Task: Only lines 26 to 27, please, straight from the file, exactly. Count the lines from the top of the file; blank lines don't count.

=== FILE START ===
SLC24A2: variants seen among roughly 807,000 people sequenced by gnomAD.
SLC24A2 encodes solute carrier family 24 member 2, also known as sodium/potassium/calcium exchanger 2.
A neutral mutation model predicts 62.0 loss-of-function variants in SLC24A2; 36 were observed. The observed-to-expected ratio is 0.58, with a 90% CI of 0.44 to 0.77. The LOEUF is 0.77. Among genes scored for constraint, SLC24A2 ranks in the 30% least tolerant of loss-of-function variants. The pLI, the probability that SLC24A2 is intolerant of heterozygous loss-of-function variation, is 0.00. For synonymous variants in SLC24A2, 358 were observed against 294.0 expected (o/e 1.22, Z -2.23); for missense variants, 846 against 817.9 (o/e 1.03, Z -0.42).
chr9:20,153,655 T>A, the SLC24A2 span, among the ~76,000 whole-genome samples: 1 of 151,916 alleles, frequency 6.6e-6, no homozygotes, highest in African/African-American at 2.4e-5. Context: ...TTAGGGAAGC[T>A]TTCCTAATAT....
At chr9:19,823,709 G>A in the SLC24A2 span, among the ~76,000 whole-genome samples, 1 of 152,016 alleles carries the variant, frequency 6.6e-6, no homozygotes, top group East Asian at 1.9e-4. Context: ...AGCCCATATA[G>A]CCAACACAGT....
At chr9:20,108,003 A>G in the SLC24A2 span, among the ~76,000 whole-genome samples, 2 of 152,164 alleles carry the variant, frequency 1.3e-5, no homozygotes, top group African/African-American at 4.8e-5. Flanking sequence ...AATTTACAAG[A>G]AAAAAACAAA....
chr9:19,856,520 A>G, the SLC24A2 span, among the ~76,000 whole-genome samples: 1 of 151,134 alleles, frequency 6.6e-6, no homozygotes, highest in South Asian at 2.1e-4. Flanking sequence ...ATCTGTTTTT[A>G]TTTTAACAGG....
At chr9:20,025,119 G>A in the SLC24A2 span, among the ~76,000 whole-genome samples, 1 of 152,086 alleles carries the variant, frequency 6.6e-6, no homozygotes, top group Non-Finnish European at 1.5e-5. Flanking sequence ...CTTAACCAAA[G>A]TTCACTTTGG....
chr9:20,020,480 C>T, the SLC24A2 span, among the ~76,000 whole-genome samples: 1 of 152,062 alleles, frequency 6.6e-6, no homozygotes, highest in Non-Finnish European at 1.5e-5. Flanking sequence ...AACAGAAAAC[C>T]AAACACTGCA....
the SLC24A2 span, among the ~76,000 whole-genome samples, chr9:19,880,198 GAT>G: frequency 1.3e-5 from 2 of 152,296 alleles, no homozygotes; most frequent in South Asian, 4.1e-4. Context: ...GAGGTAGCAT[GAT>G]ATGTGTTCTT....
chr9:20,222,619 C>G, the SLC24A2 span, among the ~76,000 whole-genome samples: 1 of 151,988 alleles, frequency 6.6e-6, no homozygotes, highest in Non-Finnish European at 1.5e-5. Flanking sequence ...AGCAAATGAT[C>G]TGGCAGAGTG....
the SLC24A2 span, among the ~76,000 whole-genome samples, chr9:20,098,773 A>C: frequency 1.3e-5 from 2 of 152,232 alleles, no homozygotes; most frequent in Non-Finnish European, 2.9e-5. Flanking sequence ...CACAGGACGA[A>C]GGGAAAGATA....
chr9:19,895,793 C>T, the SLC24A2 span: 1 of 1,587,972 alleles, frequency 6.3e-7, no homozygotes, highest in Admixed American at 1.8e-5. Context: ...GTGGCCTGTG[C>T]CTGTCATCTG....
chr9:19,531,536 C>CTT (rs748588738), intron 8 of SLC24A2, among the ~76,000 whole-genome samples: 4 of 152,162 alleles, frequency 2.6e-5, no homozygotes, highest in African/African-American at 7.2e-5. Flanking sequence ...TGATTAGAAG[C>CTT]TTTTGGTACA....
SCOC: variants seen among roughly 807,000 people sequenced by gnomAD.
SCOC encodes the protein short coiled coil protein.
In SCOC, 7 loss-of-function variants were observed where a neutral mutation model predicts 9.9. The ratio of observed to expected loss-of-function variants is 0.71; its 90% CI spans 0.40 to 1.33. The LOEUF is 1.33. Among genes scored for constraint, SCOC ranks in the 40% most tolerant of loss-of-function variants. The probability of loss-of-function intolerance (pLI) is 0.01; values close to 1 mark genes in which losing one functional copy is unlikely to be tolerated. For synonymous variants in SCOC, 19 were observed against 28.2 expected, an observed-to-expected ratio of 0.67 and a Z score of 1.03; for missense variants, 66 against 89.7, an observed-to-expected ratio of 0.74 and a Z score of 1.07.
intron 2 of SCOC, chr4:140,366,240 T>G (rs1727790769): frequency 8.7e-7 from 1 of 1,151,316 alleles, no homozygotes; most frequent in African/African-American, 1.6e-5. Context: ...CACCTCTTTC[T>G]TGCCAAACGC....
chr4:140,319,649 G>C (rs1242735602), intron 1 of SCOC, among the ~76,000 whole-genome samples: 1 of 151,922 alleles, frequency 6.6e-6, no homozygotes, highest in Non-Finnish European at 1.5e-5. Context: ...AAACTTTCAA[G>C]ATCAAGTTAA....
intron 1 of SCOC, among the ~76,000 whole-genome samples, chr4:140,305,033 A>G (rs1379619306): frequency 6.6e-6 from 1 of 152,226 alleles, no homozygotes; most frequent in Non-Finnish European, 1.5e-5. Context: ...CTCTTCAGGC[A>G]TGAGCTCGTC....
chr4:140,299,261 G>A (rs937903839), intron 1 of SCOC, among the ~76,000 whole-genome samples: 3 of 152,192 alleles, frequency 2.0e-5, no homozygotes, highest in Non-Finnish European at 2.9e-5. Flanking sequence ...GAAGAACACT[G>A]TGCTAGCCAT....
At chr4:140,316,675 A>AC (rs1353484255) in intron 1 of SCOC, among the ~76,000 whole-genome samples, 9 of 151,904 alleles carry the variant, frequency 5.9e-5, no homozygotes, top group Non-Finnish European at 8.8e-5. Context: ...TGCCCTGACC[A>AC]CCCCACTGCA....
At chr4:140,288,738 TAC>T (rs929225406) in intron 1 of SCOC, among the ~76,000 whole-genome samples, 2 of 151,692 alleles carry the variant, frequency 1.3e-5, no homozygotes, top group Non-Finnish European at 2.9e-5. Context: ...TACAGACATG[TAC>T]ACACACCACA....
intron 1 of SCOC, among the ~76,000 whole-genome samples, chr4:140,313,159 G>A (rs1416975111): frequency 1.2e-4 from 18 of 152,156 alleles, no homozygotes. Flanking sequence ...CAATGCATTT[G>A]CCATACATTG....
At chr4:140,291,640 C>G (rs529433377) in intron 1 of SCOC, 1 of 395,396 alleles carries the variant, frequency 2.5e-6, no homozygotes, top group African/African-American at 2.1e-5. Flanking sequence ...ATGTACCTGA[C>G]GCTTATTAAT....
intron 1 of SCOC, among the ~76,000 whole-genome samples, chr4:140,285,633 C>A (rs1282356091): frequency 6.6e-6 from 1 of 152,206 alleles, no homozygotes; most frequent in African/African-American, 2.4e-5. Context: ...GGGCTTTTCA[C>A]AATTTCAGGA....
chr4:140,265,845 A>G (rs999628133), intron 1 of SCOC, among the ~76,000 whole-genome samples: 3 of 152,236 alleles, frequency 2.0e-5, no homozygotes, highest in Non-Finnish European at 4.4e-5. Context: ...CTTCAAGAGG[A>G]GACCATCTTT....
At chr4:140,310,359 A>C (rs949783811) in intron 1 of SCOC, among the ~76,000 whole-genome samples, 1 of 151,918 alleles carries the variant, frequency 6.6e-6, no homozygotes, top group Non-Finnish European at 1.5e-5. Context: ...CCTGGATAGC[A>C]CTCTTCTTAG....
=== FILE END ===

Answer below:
intron 1 of SCOC, among the ~76,000 whole-genome samples, chr4:140,285,633 C>A (rs1282356091): frequency 6.6e-6 from 1 of 152,206 alleles, no homozygotes; most frequent in African/African-American, 2.4e-5. Context: ...GGGCTTTTCA[C>A]AATTTCAGGA....
chr4:140,265,845 A>G (rs999628133), intron 1 of SCOC, among the ~76,000 whole-genome samples: 3 of 152,236 alleles, frequency 2.0e-5, no homozygotes, highest in Non-Finnish European at 4.4e-5. Context: ...CTTCAAGAGG[A>G]GACCATCTTT....